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July 21, 2014

Daily analysis, Monday, July 21 – Teen Tournament QF #1

2014 Teen Tournament
Overview Teens in the TOC Joe Taglic interview
Quarterfinals Semifinals Finals
1 2 3 4 5 1 2 3 1 2

This year’s teens are off and running. How will they handle the unique quarterfinal format?The Final Wager – July 21, 2014

I always feel bad when a player fails to make Final Jeopardy! – particularly in the Teen Tournament.

What’s particularly upsetting is the way many, many people taunted, criticized, demeaned, or otherwise insulted Josiah on Twitter. I’m confident not a single one of them has ever set foot behind the podium and played a game.

The Internet is a wonderful place – after all, it’s brought you The Final Wager – but it’s also a reminder that there is an overwhelming number of cruel, thoughtless, and (dare I say) bigoted people in our world.

Kat Deabill: 20,400
Cooper Lair: 12,800
Josiah Takang: -2,800

The Final Jeopardy! category: RELIGIOUS HISTORY

Remember, we’ve got those four wild cards in play, so neither Kat nor Cooper needs to go for the win. What I’ll do is break down the “normal” wagers to obtain suggested ranges depending on each player’s comfort with the category.

Basic strategy

Kat should wager 5,201 to cover Cooper.

If she’s wrong, she’ll have 15,199, so Cooper should wager at least 2,400 to cover her.

Mind gamess

Kat’s 20,400 is almost certainly good for a wild card, so I’d stand pat if I had any hesitation on the category. At most in this case, I’d aim to stay above that “mystical” 20,000 mark – the one so many players appear to worship for no apparent reason, both in tournaments and in regular play.

For Cooper, conversely, 12,800 is sketchy at best. If he wants to go big, there’s more potential upside for each additional dollar – up to a certain point. The difference between say, 20,200 and 15,200 is huge; between 5,400 and 10,400, the inverses of those scores, not so much.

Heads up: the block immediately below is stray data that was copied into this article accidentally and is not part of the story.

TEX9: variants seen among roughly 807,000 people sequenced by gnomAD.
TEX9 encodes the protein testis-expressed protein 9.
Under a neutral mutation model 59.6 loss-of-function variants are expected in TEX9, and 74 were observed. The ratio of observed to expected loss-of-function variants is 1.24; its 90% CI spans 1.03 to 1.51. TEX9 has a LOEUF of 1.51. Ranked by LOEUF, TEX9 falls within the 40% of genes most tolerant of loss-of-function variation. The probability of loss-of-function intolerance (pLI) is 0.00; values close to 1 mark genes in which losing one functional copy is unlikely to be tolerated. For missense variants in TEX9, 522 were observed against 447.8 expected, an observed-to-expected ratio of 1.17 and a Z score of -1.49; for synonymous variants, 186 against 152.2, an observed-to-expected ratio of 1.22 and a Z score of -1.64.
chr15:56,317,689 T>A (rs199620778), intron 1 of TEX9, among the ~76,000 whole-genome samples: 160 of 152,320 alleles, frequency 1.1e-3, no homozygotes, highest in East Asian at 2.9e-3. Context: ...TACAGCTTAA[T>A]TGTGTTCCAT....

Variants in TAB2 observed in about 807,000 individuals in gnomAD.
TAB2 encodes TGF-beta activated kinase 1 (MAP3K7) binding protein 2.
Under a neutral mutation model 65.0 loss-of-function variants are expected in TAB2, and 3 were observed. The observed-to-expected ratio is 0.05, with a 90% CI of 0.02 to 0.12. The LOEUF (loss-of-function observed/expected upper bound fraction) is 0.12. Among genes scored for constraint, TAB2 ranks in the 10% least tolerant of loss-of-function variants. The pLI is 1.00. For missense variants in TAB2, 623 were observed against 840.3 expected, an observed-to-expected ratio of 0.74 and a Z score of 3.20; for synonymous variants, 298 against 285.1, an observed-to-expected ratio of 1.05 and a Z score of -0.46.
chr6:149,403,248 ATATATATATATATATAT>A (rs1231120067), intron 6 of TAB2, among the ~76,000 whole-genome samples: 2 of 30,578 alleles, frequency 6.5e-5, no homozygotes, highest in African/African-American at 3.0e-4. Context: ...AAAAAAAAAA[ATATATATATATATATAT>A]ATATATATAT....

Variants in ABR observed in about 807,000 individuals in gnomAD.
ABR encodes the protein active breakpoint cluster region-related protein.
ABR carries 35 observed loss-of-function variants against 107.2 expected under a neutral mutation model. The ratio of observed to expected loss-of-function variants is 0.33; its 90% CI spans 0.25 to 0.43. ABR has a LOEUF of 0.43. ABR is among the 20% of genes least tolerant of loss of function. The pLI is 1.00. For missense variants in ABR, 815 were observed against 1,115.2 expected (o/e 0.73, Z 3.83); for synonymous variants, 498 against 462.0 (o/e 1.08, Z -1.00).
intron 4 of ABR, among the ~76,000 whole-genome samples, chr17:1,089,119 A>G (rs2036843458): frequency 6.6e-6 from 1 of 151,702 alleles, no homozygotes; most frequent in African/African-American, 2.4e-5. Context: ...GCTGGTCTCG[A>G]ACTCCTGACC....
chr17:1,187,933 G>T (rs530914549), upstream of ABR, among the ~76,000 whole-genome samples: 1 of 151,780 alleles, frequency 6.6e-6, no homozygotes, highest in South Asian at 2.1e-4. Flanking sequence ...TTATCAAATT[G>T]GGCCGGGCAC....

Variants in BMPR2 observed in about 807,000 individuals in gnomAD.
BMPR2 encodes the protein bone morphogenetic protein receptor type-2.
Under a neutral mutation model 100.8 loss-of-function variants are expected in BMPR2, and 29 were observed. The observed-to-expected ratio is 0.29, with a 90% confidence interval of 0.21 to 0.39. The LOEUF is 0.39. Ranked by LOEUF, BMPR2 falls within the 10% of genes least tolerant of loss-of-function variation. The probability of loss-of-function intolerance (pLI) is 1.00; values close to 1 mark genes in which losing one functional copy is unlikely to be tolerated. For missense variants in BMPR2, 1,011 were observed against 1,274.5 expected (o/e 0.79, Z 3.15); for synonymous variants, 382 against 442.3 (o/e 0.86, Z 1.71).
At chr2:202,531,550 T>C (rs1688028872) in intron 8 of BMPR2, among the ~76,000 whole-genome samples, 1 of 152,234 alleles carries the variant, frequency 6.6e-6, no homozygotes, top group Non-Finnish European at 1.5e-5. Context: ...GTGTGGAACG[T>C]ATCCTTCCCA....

Of course, above 20,000 he’s almost certain to qualify for a wild card, so I’d aim for just above Kat’s score and hope to get it right. I’d go for 20,800 just in case Kat goes for 399 or something small like that.

What actually happened

A great wager out of Cooper, which is unsurprising given he and his father did plenty of analysis before the tournament.

It’s also an aggressive play out of Kat – but 799 more than the bare minimum needed to guarantee the victory. Let’s see if that comes back to haunt her.

The Final Jeopardy! clue for July 21, 2014 (RELIGIOUS HISTORY):

THIS TERM COMES FROM A 1529 EVENT IN WHICH A GROUP OF LUTHERANS FORMALLY DISAGREED WITH A DECISION BY A CATHOLIC COUNCIL

Correct response: Show

 

4 Comments
  1. Aaron Fisher permalink

    Now that you’ve actually recommended a wager based off other competitors wagering for exactly $20,000, do we need to add another rule to basic wagering? Maybe it’s priority falls somewhere between Rule #3 and Rule #3 Cont’d.

    It might make for some tricky mind games once someone decides to wager for $20,001.

    • Nah, this is particular to the wild cards available in the quarterfinals.

      • Aaron Fisher permalink

        I was just joking around – honestly it surprised me a little bit to hear you mention $20,000 at all. But I suppose it does makes more sense to look at the arbitrary round number cuttoffs when you have 14 opponents rather than 2.

  2. Trevor Panno permalink

    When the double jeopardy round was over, Kat’s score was $22,000.

What do you think?